In 1965, Steel published case reports on an unspecified periungual fibrous tumor which he described as a garlic-clove fibroma. Bart et al. reported on ten acral tumors in 1968 which were deemed similar to Steels previous findings but also resembled a “rudimentary supernumerary digit” with distinct histopathological findings and sites of occurrence. They termed the lesion as an acquired digital fibrokeratoma though suggested the lesion was not a fibroma rather a protrusion of the dermis [6,7]. Verallo et al also reported on 32 cases of similar lesions in 1968 as described by Bart et al. but with the expectation of six additional sites of occurrence. They suggested to omit the term “digital” from the name as described by Bart et al. to merit descriptive clarity. Reed et al. suggested the term acral to be utilized in describing the location of acquired fibrokeratomas. Recent case reports have described various locations of this lesion which lead authors to evolve the lesions descriptive terminology to acral fibrokeratoma [8-16]. Yi-Chiun Tsai et al. retrospectively reviewed 124 patients with a histopathological diagnosis of acquired digital fibrokeratoma over a 13-year period to characterize the distribution and surgical outcomes of these lesions. They found the mean age of occurrence to be 42 years, with a male predilection of 2:1, and 30/124 (24%) of the lesions located on nondigital areas. Overall recurrence rate after surgical resection was 5/124 (4%). Due to a low recurrence rate, surgical resection is generally recommended in treatment of these lesions. One most obtain a thorough history, clinical, physical, and histological evaluation for accurate diagnosis. Patients history general describes a slow growing lesion, without known trauma, which may become painful with compression. Physical examination reveals a small, firm, solitary, painless, skin tone color lesion which can arise in various locations. Under dermoscopy observation one visualizes a homogenous pale-yellow center surrounded by a hyperkeratotic scaly collarette with globular vessels located in the periphery of the lesion . Histologically evaluation shows a benign fibroepithelial tumor, with acanthotic epidermis and thickened, often, branching rete ridges. The lesions core is formed by closely packed and interwoven collagen bundles which are generally vertically oriented. Elastic fibers are sparse but often the lesion is highly vascularized [1-4,17-19]. Differential diagnosis includes supernumerary digits in pediatric patients, cutaneous horns, pyogenic granuloma, exostosis keloid, dermatofibrosarcoma, eccrine poroma, neurofibroma and verruca [1,5,18]. The pathogenesis of acquired digital fibrokeratoma is unknown though mechanisms of occurrence have been proposed. Injury and minor trauma have been hypothesized as triggering factors, but case reports have not supported these mechanisms [1,18,20,21]. Kint et al. suggested neoformation of collagen produced acquired digital fibrokeratoma lesions based on histological findings of denser collagen fibers with capillaries and fibroblasts. They also described three types based on clinical and histological findings. Type I is noted to have a dome-shape and contains fibroblast between collagen bundles with fine elastic fibers and numerous capillaries in the dermis. Type II is a taller and hyperkeratotic lesion which contains more fibroblast and less elastic fibers then type I. Type III can be flat or dome-shaped and is defined by poor cellular structures and no elastic fibers .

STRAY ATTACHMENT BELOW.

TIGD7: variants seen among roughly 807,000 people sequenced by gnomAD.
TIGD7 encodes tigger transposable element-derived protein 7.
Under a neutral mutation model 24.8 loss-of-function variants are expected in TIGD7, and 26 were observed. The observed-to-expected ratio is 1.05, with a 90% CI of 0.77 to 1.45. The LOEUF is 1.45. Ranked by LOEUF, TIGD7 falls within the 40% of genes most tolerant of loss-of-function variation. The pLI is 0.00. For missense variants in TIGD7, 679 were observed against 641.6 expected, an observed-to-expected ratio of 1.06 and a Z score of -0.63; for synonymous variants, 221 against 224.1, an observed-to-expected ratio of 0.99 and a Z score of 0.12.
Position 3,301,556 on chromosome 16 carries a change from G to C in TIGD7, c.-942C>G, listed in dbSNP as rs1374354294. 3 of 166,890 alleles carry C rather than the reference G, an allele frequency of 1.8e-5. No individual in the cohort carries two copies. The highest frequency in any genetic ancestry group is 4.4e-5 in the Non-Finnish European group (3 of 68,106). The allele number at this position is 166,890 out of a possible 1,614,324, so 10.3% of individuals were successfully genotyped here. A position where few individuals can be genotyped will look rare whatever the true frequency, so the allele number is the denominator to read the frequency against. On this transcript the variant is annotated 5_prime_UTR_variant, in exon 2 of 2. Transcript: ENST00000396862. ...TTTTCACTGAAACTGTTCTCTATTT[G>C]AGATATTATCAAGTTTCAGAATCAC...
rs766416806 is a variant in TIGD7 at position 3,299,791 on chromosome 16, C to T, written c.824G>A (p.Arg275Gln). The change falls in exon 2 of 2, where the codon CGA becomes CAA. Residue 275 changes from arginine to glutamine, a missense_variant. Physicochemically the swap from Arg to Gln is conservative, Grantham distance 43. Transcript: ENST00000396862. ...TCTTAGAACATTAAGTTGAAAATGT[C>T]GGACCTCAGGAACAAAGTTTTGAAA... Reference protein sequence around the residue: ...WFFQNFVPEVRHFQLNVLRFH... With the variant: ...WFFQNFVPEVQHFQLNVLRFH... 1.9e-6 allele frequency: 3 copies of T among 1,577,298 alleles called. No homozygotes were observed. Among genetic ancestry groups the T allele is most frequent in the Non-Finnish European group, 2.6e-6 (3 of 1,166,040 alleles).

In this case, the patients age, sex, and lesion location were atypical. Previous published case studies have reported on acquired digital fibrokeratoma located on a patient ‘s heel but are generally observed in middle aged males and described as giant acquired digital fibrokeratomas [10,12,13,20,22]. Majority of acquired digital fibrokeratoma measure less than 1cm in diameter. When lesions are greater than 1cm, they are described in the literature as a giant acquired digital fibrokeratomas [10,12,23,24]. To our knowledge, this is the first case report describing an acquired digital fibrokeratoma in a female pediatric patient located on the heel.